facebook app symbol  twitter  linkedin  instagram 1

In his first week in office, President Joe Biden appointed three Indigenous members to his roster, including attorneys Robert Anderson (Boise Forte Band of the Minnesota Chippewa Tribe) and Ann Marie Bledsoe Downes (Winnebago Tribe of Nebraska) to the Interior Department, and Wahleah Johns (Navajo) to head the U.S. Office of Indian Energy Programs and Policy.

The Interior Department, slated to be led by first Native American cabinet member and New Mexico Congressman Deb Haaland, announced the bids on Jan. 20, the day Biden and Vice President Kamala Harris took office. 

Anderson will serve as principal deputy solicitor, meaning he will advise the Interior Secretary on legal counsel for cases involving the federal government. The Chippewa Tribal member is a professor at Harvard Law School, where he has worked for over a decade. Prior to that, he taught law at University of Washington School of Law and directed its Native American Law Center. Anderson began his career as a staff attorney for the Native American Rights Fund, and previously served as the Association Solicitor for Indian Affairs and Counselor to the Secretary under Interior Secretary for the Clinton Administration, Bruce Babbitt. 

Bledsoe Downes was appointed as Deputy Solicitor for Indian Affairs. She currently serves as the executive vice president of community impact and engagement at Ho-Chunk Inc. Simultaneously, Bledsoe Downes is a professor at the Sandra Day O’Connor College of Law at Arizona State University, where she also serves as Director of the Indian Gaming and Tribal Self-Governance Programs. Prior to that, she served as Deputy Assistant Secretary for Policy and Economic Development for Indian Affairs at the U.S. Department of the Interior, and as Interim Director of the Bureau of Indian Education. 

Neither Anderson nor Bledsoe Downes could be reached for comment before press time.

Biden also tapped Navajo member Wahleah Johns to head the U.S. Office of Indian Energy Programs and Policy. As part of her role, Wahleah will promote Indian tribal energy development and efficiency, reduce Indian tribal energy costs and strengthen Indian tribal energy infrastructure, according to the department’s website. 

Wahleah Johns is co-founder and director of Native Renewables, a company that brings solar energies to Native communities.

“I feel honored for my nomination to serve in the Biden-Harris administration as the Director of Indian Energy at DOE,” Johns wrote on Twitter over the weekend. “As the original caretakers of this land, I believe Tribes can lead the way to solving our climate crisis and building a regenerative and clean energy future.”

In another historic pick, Biden assigned Navajo Nation’s Dr. Jill Jim to join the administration’s COVID-19 Advisory Board.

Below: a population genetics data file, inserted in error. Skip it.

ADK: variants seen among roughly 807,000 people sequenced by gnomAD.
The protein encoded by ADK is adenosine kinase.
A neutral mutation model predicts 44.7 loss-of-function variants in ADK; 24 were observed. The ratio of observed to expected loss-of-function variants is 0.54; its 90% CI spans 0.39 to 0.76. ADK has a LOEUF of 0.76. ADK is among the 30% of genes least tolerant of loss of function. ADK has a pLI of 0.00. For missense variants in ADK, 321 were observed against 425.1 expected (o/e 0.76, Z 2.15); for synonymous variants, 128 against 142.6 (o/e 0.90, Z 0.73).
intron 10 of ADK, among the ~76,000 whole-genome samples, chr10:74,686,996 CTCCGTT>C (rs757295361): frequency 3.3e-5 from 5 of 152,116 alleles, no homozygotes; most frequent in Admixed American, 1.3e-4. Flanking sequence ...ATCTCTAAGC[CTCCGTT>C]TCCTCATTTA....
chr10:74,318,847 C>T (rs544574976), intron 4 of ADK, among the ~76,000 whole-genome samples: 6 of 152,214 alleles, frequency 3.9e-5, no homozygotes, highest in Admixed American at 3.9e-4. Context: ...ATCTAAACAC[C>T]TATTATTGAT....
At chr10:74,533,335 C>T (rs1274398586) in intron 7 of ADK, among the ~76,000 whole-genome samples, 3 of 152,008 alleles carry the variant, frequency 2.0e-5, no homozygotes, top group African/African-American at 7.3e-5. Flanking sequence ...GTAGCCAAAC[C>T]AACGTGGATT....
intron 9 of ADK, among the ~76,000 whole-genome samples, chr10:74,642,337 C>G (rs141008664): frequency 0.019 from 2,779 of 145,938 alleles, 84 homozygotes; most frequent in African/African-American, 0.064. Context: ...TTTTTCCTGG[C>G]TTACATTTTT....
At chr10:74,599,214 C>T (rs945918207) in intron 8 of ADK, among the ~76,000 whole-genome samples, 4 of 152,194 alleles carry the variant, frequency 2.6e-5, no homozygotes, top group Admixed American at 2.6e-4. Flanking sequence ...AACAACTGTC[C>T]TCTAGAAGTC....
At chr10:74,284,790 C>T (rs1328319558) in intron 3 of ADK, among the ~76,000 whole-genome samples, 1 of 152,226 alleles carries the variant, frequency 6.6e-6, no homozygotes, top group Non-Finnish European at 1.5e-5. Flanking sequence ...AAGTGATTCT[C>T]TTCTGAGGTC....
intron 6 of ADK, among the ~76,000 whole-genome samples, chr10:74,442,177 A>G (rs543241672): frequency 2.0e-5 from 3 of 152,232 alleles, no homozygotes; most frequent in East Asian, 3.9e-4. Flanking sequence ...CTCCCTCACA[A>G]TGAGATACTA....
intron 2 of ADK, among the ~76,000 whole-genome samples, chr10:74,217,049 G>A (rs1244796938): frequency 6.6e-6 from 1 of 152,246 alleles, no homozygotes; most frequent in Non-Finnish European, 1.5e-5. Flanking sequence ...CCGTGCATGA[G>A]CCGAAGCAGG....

Jim serves as the executive director of the Navajo Department of Health. She holds a doctorate in Public Health, a Master’s degree in Health Care Administration and a second Master’s in Public Health from the University of Utah. Her work has included: consulting for Navajo Area Indian Health Service, and epidemiology for the Utah Department of Health.

Jim was not available for comment before press time.

According to the administration’s press release, more than 80 percent of first day appointees were people of color, adhering to “the Biden-Harris commitment to diversity.”

More Stories Like This

Biden Nominates Heather M. Cahoon to Board of Trustees of Morris K. Udall and Stewart L. Udall Foundation
Native Bidaské with Lyndsay Amato on the #BraidsforCole Movement
Services to Honor Cole Brings Plenty's Life Commence This Weekend in South Dakota
Rep. Tom Cole Set to Lead House Appropriations Committee
Indigenous Communities Rally in #BraidsforCole Movement

Native Perspective.  Native Voices.  Native News. 

We launched Native News Online because the mainstream media often overlooks news that is important is Native people. We believe that everyone in Indian Country deserves equal access to news and commentary pertaining to them, their relatives and their communities. That's why the story you’ve just finished was free — and we want to keep it that way, for all readers.  We hope you'll consider making a donation to support our efforts so that we can continue publishing more stories that make a difference to Native people, whether they live on or off the reservation. Your donation will help us keep producing quality journalism and elevating Indigenous voices. Any contribution of any amount — big or small — gives us a better, stronger future and allows us to remain a force for change. Donate to Native News Online today and support independent Indigenous-centered journalism. Thank you.

About The Author
Jenna Kunze
Author: Jenna KunzeEmail: This email address is being protected from spambots. You need JavaScript enabled to view it.
Senior Reporter
Jenna Kunze is a staff reporter covering Indian health, the environment and breaking news for Native News Online. She is also the lead reporter on stories related to Indian boarding schools and repatriation. Her bylines have appeared in The Arctic Sounder, High Country News, Indian Country Today, Tribal Business News, Smithsonian Magazine, Elle and Anchorage Daily News. Kunze is based in New York.